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Whole Earth images, Does any satellite provide regularly updated ones?
Deimos
post Aug 13 2011, 03:43 PM
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I don't know the instrument--but that sort of thing is frequently due to a double reflection within a window that separates the fore-optics from the outside universe. Depending on the material (silica, sapphire, ...) you get a significant fall-off for a double reflection, and then the same fall-off to quad, etc.
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centsworth_II
post Aug 13 2011, 06:56 PM
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QUOTE (elakdawalla @ Aug 13 2011, 09:43 AM) *
...There is a ghost image of Earth about three diameters to the right of the actual image...
There is also a ghost image the same distance to the left.
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scalbers
post Aug 14 2011, 12:00 AM
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QUOTE (Juramike @ Apr 22 2011, 12:25 AM) *
Good catch! It is indeed the Neogene-Miocene period as the last step in the animated gif. The work that Stu originally referred to was done in collaboration by Dr. Ron Blakely of Northern Arizona University. (The animations in the wikipedia entry were done by Dr. Ron Blakely.)

Here is his website that has individual maps of each of the paleo-reconstructions (including Pleistocene and Present) :
http://jan.ucc.nau.edu/~rcb7/mollglobe.html

And a website to other detailed data products:
http://cpgeosystems.com/index.html


I recently got a copy of his (beautifully illustrated) book: "Ancient Landscapes of the Colorado Plateau", mentioned on his site. I highly recommend it.


Yes, this is a good dataset. We've used a smoother version of this animation in Science On A Sphere.

http://sos.noaa.gov/datasets/Land/paleo.html

A frame exists for the future projection of the continents. I've considering making an augmented version of the animation that incorporates this into the future.

Steve


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Guest_Oersted_*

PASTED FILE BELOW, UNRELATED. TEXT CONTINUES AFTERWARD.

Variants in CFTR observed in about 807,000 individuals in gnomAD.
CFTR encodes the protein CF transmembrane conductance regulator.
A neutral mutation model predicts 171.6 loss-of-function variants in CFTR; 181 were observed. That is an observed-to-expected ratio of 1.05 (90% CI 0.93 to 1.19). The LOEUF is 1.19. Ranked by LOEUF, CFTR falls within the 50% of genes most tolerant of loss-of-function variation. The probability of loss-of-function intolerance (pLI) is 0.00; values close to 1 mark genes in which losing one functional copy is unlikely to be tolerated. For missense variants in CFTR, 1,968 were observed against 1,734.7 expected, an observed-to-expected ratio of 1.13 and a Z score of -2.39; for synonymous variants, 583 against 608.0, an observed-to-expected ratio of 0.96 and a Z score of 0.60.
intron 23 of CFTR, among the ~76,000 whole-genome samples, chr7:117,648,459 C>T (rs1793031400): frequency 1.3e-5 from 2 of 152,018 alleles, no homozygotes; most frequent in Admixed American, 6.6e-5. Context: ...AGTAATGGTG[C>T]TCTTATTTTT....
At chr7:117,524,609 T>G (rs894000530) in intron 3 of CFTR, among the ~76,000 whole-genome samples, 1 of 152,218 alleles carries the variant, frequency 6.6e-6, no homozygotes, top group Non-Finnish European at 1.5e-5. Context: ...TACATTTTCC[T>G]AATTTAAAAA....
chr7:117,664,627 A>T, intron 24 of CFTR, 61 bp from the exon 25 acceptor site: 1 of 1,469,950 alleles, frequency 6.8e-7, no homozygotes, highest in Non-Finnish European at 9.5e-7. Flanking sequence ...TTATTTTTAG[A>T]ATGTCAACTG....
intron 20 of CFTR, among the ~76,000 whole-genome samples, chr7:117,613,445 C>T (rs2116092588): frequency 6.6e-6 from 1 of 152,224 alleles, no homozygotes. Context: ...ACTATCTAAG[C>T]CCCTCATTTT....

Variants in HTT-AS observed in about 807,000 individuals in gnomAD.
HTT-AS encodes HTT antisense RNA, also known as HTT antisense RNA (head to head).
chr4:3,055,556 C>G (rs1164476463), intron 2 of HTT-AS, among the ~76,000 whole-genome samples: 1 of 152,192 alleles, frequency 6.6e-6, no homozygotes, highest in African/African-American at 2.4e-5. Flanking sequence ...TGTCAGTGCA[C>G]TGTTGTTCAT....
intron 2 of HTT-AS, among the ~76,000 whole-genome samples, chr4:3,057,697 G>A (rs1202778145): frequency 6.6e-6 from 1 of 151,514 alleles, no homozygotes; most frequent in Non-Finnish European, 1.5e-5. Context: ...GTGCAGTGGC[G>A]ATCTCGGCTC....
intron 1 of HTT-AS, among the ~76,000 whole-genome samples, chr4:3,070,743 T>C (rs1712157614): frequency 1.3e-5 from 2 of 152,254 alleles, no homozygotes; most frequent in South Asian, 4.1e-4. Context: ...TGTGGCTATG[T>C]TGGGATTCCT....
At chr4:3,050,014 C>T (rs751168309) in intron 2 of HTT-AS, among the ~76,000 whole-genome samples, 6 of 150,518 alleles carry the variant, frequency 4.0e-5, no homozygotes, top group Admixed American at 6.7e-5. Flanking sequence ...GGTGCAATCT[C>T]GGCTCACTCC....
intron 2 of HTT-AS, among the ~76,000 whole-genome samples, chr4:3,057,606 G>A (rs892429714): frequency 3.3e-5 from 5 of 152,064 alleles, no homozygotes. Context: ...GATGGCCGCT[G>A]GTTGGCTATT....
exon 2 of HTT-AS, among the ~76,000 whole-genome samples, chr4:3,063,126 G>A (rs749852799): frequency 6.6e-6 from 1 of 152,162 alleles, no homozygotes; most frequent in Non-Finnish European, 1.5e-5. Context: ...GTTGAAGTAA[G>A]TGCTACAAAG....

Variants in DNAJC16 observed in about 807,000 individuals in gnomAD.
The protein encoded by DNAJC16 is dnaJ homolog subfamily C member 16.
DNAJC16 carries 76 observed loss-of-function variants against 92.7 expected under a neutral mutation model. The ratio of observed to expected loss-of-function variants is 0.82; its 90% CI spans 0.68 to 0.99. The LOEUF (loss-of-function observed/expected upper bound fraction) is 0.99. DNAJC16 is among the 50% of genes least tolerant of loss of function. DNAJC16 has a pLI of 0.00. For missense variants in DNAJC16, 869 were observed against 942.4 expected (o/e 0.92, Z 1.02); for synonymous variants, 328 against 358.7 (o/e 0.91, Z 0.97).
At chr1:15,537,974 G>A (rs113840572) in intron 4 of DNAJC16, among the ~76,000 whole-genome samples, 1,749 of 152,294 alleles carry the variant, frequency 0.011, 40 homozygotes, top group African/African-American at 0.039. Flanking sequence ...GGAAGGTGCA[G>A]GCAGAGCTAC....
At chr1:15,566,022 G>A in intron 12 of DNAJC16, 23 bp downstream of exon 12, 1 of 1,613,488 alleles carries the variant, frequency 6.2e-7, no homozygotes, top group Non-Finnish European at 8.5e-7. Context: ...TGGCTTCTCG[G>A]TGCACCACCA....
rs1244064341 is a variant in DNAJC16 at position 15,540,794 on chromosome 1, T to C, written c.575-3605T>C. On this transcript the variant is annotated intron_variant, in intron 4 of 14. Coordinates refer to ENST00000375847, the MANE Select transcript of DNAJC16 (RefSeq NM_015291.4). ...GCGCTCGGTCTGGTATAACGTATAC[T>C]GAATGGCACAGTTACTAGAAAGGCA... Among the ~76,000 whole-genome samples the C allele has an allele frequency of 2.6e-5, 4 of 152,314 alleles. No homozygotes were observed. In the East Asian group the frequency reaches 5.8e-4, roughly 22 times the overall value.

post Aug 14 2011, 01:33 PM
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QUOTE (ugordan @ Sep 16 2010, 11:39 PM) *
Here's a colorization of this LRO Earth image. Below is a preview at 10% resolution, 1/2 res version is available here (2.3 MB) and full res version here (8 MB).

[attachment=22521:lroc_ear...00809_th.jpg]


Very lovely, except for the Photoshop masking artifacts around the edge (mainly in the 12 o'clock to 2 o'clock positions).
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Juramike
post Dec 23 2011, 01:50 AM
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The NPP mission is making a Global Image (not just hemispherical) of the Earth every day. Here is the first image release:

http://earthobservatory.nasa.gov/IOTD/view.php?id=76674

"It's 1:30 PM somewhere..."


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Some higher resolution images available at my photostream: http://www.flickr.com/photos/31678681@N07/
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ugordan
post Jan 28 2012, 11:10 AM
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Rosetta Earth flyby 2 revisited, magnified 1.5x from original scale and rotated so north is up:


This one was hard to work with. The red and especially the green channel suffers from a ghost image which makes the composite look ugly. I tried subtracting them out as best as I could but it still left residual images of the bright clouds in the green channel. As a result, fair portions of the sea and cloud areas use synthetic green while most of the land masses use RGB colorm as synthetic green doesn't produce satisfactory color.


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dilo
post Jan 28 2012, 09:21 PM
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Great work, Gordan!


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djellison
post Jan 28 2012, 09:22 PM
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I abandoned the very same data set for the reasons you mention.... GREAT work.
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scalbers
post Jan 12 2014, 08:34 PM
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QUOTE (scalbers @ Aug 14 2011, 01:00 AM) *
Yes, this is a good dataset. We've used a smoother version of this animation in Science On A Sphere.

http://sos.noaa.gov/datasets/Land/paleo.html

A frame exists for the future projection of the continents. I've considering making an augmented version of the animation that incorporates this into the future.

Steve


Updating this post - the animation for past continental drift has moved to here: http://sos.noaa.gov/Datasets/dataset.php?id=336

And I've been putting together a future projection animation, from some of Ron Blakey's future frames:

http://sos.noaa.gov/Datasets/dataset.php?id=424


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